Perhaps the most nauseating line of President Trump’s State is the Union speech — and there were many — was his sneaky swipe at DACA immigrants and the people who support them.
Right in the middle of his fake call for unity, the touchy-feely President fell back into his comfort zone, the us-versus-them tableau where he has done most of his damage.
It was there, before Congress and the world, that Trump gave voice to his racism without sounding like a racist.
“Americans are dreamers, too,” Trump said.
Well, it was certainly better than his last foray into the subject of immigration, when he broad-brushed Haiti, El Salvador and most of the nations from the African continent as “shithole countries.”
There was no swearing in this speech. Just the patronizing dismissiveness that comes with bigoted entitlement.
Trump’s “dreamers” line was right up there with the language of the insecure imbeciles who insist on reminding us that “all lives matter” whenever someone protests black injustice.
And, speaking of black injustice, Trump’s call for unity included a subtle, yet, noticed, attack on the Black Lives Matter movement.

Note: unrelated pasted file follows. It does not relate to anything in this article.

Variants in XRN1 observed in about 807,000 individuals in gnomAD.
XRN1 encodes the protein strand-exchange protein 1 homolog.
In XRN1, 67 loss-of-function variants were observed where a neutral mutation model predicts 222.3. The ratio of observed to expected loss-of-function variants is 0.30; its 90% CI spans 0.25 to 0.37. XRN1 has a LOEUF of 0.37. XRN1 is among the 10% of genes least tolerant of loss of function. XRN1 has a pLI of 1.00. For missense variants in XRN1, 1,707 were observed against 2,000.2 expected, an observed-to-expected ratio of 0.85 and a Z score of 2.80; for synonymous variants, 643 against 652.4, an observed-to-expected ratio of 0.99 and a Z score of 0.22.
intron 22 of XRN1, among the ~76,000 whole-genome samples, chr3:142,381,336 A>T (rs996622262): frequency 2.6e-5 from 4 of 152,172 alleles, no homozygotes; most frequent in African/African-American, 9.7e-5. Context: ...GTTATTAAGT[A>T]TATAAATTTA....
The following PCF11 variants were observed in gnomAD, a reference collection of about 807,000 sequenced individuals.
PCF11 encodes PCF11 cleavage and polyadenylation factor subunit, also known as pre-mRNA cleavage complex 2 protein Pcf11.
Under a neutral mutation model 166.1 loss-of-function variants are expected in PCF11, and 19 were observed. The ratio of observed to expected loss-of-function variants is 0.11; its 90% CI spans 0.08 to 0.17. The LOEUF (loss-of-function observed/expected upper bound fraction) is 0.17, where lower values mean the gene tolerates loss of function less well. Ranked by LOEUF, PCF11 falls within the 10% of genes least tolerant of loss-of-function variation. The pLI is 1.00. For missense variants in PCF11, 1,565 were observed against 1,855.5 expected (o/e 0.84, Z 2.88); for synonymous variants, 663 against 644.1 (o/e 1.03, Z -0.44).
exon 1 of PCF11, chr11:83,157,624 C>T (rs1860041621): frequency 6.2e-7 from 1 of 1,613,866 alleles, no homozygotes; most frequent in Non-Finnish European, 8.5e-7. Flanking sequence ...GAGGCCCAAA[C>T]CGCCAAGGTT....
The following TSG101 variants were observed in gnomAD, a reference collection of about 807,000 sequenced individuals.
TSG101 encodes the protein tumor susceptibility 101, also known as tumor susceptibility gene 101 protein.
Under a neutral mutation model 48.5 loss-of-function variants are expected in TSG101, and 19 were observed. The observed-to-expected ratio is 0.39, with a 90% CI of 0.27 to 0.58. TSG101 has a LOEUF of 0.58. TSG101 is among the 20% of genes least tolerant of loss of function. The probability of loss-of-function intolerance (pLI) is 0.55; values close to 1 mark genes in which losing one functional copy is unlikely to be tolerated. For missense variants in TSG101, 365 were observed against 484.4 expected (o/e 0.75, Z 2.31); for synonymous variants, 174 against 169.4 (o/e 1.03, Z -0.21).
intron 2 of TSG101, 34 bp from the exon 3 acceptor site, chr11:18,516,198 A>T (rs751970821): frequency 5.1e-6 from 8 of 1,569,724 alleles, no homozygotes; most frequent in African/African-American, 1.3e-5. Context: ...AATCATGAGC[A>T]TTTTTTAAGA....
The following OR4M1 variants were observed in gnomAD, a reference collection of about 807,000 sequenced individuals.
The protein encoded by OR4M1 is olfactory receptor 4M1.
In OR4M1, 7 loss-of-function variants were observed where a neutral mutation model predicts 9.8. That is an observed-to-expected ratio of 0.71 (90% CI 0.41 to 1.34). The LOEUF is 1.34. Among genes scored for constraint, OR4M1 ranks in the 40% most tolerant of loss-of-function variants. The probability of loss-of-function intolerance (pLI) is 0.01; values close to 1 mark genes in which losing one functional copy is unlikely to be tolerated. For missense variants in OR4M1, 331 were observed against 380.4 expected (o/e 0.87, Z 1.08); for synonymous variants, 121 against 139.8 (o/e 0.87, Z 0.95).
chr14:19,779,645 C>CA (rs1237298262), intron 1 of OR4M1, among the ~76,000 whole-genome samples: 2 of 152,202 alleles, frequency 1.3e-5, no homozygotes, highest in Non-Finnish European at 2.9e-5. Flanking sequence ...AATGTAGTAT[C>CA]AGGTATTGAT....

Because every time you criticize athletes — as Trump did — for kneeling in protest during the national anthem, without acknowledging the inequities they are demonstrating against, you are saying you don’t care about the issue.
Many people, black and white, don’t agree with the method of protest.
But by focusing solely on the flag, the President’s message is clear: Black lives don’t matter any more than the lives of immigrant dreamers, even if the black unemployment rate is down.
But back to the dreamers, which is what we took to calling young people affected by the Obama-era Deferred Action for Childhood Arrivals policy — which protects immigrants brought illegally to the U.S. as children. Trump is ready to let DACA expire in a few weeks.
No one is saying that Americans aren’t dreamers any more than anyone is saying that the lives of one race matter any more than the lives of another.
What we’re saying is that the dream, the American Dream, the one that Langston Hughes told us to “hold fast to,” is big enough for everyone.